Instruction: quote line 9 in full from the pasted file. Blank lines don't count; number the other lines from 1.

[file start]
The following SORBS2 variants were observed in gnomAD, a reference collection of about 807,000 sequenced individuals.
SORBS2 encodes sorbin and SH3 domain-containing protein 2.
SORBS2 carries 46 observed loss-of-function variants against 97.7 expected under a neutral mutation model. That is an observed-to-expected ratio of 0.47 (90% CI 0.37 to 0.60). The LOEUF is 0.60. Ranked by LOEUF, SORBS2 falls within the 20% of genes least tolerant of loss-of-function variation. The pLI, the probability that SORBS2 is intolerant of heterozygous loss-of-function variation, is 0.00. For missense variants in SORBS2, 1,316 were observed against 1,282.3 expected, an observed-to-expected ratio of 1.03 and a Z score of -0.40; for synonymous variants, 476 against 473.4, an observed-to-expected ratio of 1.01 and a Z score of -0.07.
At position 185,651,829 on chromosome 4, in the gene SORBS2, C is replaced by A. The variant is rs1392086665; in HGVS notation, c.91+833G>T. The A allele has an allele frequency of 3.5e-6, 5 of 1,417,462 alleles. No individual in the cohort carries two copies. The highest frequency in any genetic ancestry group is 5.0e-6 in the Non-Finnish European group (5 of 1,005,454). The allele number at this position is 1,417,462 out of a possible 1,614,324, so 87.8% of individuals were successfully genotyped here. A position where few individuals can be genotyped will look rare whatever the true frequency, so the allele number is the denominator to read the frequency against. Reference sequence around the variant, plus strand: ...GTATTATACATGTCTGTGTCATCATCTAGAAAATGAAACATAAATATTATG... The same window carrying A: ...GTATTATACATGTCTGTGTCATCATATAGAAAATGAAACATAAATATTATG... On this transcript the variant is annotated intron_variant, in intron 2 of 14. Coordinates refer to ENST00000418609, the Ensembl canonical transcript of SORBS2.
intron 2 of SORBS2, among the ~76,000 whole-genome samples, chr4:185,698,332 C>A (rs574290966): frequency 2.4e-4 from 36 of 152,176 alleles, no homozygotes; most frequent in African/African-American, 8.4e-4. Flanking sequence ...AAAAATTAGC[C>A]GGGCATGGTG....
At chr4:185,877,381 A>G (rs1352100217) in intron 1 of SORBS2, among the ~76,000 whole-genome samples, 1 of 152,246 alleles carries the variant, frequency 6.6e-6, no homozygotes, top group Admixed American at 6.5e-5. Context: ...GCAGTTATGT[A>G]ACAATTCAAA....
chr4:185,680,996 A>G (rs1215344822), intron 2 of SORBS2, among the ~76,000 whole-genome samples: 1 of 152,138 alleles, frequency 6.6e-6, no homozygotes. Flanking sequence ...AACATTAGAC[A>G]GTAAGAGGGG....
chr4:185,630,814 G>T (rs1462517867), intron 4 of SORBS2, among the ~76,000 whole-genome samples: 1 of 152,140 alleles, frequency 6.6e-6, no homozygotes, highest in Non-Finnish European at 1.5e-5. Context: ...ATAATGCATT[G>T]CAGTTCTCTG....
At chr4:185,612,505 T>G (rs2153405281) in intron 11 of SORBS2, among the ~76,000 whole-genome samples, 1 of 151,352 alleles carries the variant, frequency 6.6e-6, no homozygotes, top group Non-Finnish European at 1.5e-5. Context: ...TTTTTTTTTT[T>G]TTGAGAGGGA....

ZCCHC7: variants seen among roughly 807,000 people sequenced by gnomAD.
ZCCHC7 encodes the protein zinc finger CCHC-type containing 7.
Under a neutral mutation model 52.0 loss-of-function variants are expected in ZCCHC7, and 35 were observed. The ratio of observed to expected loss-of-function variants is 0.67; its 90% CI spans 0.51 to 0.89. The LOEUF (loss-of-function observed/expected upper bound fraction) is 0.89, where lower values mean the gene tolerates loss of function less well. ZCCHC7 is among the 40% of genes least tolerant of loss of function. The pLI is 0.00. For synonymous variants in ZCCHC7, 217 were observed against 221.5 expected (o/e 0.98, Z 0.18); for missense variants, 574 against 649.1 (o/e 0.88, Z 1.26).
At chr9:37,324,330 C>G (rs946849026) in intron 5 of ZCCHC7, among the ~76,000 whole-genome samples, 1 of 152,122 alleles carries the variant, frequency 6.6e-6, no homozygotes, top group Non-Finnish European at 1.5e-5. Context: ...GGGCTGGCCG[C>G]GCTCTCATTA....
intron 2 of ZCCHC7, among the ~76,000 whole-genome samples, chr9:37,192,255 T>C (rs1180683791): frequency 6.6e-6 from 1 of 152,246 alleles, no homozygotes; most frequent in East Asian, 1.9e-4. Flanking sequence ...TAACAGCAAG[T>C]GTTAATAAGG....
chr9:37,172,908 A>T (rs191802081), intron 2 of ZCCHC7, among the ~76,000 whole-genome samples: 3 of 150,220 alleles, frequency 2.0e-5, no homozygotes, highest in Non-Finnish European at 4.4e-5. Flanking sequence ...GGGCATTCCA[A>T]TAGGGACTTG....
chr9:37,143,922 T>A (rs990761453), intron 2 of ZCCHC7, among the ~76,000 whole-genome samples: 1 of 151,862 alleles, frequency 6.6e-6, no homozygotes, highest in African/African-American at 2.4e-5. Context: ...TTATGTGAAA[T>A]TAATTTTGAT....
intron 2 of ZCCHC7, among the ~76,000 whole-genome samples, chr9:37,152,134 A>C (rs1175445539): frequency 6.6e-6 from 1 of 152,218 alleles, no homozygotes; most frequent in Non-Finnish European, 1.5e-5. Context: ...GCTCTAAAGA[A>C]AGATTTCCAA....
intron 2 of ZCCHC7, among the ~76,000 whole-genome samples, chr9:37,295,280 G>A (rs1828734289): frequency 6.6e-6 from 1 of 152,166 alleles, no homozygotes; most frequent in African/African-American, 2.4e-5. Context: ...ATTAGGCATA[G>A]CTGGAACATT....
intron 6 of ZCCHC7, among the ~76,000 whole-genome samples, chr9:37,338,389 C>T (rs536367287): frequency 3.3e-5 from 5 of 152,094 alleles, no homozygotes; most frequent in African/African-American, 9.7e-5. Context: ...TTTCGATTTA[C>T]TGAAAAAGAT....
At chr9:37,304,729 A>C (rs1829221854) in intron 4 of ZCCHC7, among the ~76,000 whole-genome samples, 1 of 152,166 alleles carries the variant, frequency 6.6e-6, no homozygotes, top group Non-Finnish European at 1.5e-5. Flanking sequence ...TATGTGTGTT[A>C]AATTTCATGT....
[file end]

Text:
At chr4:185,612,505 T>G (rs2153405281) in intron 11 of SORBS2, among the ~76,000 whole-genome samples, 1 of 151,352 alleles carries the variant, frequency 6.6e-6, no homozygotes, top group Non-Finnish European at 1.5e-5. Context: ...TTTTTTTTTT[T>G]TTGAGAGGGA....